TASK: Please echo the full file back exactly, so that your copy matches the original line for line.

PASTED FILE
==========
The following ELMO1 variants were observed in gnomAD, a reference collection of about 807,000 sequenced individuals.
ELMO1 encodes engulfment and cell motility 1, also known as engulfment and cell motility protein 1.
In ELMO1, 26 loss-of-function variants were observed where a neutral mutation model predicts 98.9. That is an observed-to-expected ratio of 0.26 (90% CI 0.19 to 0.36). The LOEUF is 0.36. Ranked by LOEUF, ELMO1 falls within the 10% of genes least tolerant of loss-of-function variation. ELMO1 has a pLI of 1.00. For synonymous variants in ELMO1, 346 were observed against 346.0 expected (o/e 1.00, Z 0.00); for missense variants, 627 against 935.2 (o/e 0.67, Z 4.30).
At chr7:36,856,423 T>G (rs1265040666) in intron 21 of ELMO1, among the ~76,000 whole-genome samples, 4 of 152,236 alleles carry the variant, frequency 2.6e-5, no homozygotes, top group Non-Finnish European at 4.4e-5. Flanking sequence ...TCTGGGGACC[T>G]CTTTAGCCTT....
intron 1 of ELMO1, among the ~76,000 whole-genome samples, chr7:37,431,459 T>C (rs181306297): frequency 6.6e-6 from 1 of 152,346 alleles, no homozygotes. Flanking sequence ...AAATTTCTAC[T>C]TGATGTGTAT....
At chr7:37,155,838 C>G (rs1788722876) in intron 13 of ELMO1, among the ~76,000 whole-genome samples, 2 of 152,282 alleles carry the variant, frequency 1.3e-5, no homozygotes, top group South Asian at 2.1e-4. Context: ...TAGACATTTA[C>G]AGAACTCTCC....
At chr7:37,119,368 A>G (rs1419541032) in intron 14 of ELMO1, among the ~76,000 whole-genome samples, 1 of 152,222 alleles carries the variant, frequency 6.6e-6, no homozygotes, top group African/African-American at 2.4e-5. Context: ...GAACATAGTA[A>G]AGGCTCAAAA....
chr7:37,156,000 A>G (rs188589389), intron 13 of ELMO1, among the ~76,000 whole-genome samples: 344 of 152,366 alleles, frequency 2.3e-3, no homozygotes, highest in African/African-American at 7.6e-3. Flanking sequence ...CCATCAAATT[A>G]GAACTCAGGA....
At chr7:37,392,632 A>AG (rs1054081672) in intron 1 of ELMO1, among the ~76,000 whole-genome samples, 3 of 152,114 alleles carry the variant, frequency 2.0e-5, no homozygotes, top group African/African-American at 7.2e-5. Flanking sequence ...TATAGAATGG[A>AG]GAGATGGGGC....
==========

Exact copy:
The following ELMO1 variants were observed in gnomAD, a reference collection of about 807,000 sequenced individuals.
ELMO1 encodes engulfment and cell motility 1, also known as engulfment and cell motility protein 1.
In ELMO1, 26 loss-of-function variants were observed where a neutral mutation model predicts 98.9. That is an observed-to-expected ratio of 0.26 (90% CI 0.19 to 0.36). The LOEUF is 0.36. Ranked by LOEUF, ELMO1 falls within the 10% of genes least tolerant of loss-of-function variation. ELMO1 has a pLI of 1.00. For synonymous variants in ELMO1, 346 were observed against 346.0 expected (o/e 1.00, Z 0.00); for missense variants, 627 against 935.2 (o/e 0.67, Z 4.30).
At chr7:36,856,423 T>G (rs1265040666) in intron 21 of ELMO1, among the ~76,000 whole-genome samples, 4 of 152,236 alleles carry the variant, frequency 2.6e-5, no homozygotes, top group Non-Finnish European at 4.4e-5. Flanking sequence ...TCTGGGGACC[T>G]CTTTAGCCTT....
intron 1 of ELMO1, among the ~76,000 whole-genome samples, chr7:37,431,459 T>C (rs181306297): frequency 6.6e-6 from 1 of 152,346 alleles, no homozygotes. Flanking sequence ...AAATTTCTAC[T>C]TGATGTGTAT....
At chr7:37,155,838 C>G (rs1788722876) in intron 13 of ELMO1, among the ~76,000 whole-genome samples, 2 of 152,282 alleles carry the variant, frequency 1.3e-5, no homozygotes, top group South Asian at 2.1e-4. Context: ...TAGACATTTA[C>G]AGAACTCTCC....
At chr7:37,119,368 A>G (rs1419541032) in intron 14 of ELMO1, among the ~76,000 whole-genome samples, 1 of 152,222 alleles carries the variant, frequency 6.6e-6, no homozygotes, top group African/African-American at 2.4e-5. Context: ...GAACATAGTA[A>G]AGGCTCAAAA....
chr7:37,156,000 A>G (rs188589389), intron 13 of ELMO1, among the ~76,000 whole-genome samples: 344 of 152,366 alleles, frequency 2.3e-3, no homozygotes, highest in African/African-American at 7.6e-3. Flanking sequence ...CCATCAAATT[A>G]GAACTCAGGA....
At chr7:37,392,632 A>AG (rs1054081672) in intron 1 of ELMO1, among the ~76,000 whole-genome samples, 3 of 152,114 alleles carry the variant, frequency 2.0e-5, no homozygotes, top group African/African-American at 7.2e-5. Flanking sequence ...TATAGAATGG[A>AG]GAGATGGGGC....